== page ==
NYT op-ed excerpt with annotation: Rhetoric from anti-science populists like Trump, AMLO, & Bolsonaro has an impact.

One of the most important points in dealing with a pandemic is not whether you on the left or on the right, whether you're small or whether you're big, or even whether you're rich or whether you're poor, it's whether or not you're leading with science and expertise. That's been a really fundamental divide in the United States. And President Trump have not led well on that.

Finally, when we get to the "normal president" part from the title of the column, Douthat writes that the actions necessary to save a hundred thousand or more lives "would probably required presidential greatness, not merely replacement level competence." Really? I mean, do you have to be an exceptional leader like Merkel to listen to public health experts and avoid the politicization of vaccines and treatments?

NYT op-ed excerpt with annotation: Leaders don't have to be exceptional to listen to public health experts.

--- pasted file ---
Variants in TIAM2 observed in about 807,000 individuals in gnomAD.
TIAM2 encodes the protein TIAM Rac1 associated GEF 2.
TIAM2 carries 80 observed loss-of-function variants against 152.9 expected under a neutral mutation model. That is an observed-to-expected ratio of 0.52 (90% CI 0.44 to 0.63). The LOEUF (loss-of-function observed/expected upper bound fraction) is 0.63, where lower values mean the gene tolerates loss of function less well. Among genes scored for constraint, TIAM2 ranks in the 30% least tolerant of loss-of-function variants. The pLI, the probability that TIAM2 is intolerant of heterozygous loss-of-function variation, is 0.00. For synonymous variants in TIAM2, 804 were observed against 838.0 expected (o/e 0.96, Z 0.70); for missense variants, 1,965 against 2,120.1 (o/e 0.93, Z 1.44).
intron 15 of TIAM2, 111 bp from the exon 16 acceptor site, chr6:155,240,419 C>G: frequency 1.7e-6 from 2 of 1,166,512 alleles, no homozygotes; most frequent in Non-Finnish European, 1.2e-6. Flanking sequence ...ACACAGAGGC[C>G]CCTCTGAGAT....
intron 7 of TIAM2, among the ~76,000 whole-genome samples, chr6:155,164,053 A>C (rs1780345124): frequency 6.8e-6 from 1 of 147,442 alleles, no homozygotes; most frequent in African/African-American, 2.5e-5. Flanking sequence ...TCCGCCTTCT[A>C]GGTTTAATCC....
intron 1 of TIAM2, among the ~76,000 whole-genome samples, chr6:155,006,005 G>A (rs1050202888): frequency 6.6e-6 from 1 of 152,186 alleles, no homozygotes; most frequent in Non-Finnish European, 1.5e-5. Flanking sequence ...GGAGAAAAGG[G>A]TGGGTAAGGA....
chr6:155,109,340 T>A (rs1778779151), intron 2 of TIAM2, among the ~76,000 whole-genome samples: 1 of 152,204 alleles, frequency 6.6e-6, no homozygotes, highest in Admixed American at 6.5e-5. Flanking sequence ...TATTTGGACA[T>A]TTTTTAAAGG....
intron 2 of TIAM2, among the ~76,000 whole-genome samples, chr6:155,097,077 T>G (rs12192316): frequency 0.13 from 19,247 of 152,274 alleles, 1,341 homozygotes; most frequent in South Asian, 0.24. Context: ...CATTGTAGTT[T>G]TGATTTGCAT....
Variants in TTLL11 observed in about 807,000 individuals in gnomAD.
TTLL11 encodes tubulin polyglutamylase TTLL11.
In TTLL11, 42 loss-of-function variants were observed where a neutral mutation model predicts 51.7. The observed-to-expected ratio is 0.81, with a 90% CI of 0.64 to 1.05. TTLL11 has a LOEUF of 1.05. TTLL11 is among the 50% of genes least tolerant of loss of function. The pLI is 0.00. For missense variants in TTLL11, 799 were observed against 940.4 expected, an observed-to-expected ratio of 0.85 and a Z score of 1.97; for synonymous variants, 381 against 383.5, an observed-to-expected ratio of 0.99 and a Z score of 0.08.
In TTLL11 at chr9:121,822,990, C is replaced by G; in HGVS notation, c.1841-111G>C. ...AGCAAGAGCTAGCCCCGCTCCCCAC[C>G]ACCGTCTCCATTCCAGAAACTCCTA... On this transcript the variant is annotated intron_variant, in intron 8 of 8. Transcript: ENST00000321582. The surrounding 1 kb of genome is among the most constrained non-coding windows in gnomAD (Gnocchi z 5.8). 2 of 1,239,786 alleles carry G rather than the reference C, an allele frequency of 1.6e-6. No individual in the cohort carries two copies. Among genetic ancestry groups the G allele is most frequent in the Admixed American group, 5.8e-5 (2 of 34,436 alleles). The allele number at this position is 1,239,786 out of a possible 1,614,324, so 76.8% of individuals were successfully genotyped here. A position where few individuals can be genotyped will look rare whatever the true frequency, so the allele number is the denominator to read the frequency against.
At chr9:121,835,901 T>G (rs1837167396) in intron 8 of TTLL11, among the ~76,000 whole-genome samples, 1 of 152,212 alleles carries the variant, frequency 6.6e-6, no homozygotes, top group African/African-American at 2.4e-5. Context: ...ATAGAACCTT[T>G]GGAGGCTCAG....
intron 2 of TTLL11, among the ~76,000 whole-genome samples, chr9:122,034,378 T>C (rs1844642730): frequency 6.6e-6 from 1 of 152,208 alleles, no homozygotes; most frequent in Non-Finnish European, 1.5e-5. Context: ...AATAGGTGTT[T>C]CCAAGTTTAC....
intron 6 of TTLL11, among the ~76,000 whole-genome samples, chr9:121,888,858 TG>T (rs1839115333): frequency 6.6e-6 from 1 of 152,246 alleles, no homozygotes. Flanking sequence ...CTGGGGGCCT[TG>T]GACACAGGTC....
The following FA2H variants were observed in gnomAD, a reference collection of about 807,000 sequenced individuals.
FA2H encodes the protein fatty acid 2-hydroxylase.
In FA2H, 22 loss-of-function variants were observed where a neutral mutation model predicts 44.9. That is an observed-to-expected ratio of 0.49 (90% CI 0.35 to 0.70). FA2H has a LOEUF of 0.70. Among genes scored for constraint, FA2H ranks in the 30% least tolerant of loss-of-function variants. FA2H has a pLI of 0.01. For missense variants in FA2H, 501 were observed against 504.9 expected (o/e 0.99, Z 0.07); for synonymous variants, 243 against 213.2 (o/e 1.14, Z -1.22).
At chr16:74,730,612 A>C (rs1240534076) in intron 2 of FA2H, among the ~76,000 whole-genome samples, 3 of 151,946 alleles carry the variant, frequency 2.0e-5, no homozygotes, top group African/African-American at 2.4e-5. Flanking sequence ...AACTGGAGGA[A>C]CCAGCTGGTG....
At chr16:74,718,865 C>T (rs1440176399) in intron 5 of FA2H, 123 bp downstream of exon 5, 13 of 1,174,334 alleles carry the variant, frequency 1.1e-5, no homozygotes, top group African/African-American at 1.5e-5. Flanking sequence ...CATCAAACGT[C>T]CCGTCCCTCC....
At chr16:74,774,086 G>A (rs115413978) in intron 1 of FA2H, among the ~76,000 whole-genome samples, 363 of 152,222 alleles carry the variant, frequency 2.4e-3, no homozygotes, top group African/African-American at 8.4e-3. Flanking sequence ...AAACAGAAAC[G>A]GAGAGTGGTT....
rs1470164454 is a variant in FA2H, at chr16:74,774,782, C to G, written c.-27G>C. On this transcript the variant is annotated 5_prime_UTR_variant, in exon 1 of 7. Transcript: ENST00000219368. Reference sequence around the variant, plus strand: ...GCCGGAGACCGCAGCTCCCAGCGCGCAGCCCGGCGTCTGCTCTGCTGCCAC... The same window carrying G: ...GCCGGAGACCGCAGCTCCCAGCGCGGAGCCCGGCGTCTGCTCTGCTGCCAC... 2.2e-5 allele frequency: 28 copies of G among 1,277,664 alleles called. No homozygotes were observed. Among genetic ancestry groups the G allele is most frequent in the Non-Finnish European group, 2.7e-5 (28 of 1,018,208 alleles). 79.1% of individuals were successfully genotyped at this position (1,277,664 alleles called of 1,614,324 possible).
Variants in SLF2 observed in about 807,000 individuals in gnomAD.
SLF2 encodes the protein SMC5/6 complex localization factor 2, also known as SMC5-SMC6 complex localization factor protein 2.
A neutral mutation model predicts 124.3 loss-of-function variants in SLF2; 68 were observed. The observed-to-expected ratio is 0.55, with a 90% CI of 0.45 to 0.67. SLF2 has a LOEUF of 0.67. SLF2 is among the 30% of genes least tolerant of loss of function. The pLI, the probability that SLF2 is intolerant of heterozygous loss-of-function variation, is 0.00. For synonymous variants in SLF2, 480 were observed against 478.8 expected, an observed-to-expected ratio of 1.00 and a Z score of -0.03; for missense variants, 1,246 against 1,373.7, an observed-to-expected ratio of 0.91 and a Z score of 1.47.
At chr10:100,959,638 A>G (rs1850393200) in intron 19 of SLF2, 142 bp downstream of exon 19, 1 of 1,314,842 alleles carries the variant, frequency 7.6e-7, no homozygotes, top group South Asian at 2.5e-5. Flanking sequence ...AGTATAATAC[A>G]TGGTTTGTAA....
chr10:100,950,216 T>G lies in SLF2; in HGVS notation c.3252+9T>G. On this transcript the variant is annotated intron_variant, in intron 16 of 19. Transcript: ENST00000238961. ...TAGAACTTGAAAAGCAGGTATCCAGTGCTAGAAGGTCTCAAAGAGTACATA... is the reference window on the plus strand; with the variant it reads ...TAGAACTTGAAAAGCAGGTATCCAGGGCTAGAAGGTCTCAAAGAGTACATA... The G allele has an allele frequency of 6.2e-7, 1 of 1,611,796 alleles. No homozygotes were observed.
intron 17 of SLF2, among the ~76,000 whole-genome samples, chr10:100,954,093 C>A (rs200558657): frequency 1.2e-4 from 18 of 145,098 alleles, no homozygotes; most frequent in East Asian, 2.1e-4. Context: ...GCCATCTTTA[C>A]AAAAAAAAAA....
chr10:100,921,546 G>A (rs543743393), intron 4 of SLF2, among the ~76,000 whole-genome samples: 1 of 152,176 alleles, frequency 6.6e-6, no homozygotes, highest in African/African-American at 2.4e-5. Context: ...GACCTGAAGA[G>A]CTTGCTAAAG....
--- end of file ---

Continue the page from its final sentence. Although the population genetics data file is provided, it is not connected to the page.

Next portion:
You don't need to be Winston Churchill to level with people and not intentionally downplay the threat of the pandemic, which is exactly what President Trump told Bob Woodward he was doing. It's all in Woodward's new book, by the way. Speaking of vaccines, Douthat also writes that if one is developed in record time, as Trump is promised, that will also be part of Trump's coronavirus legacy. And absolutely agree. But let's keep in mind that President Trump has also stoked vaccine skepticism since before he was elected and now his actions on coronavirus vaccines are contributing to even more skepticism. So if Operation Warp Speed is successful, it may also succeed in further undermining vaccines for coronavirus and for other illnesses for a long time to come.

That's it for this week's edition of The Red Pen.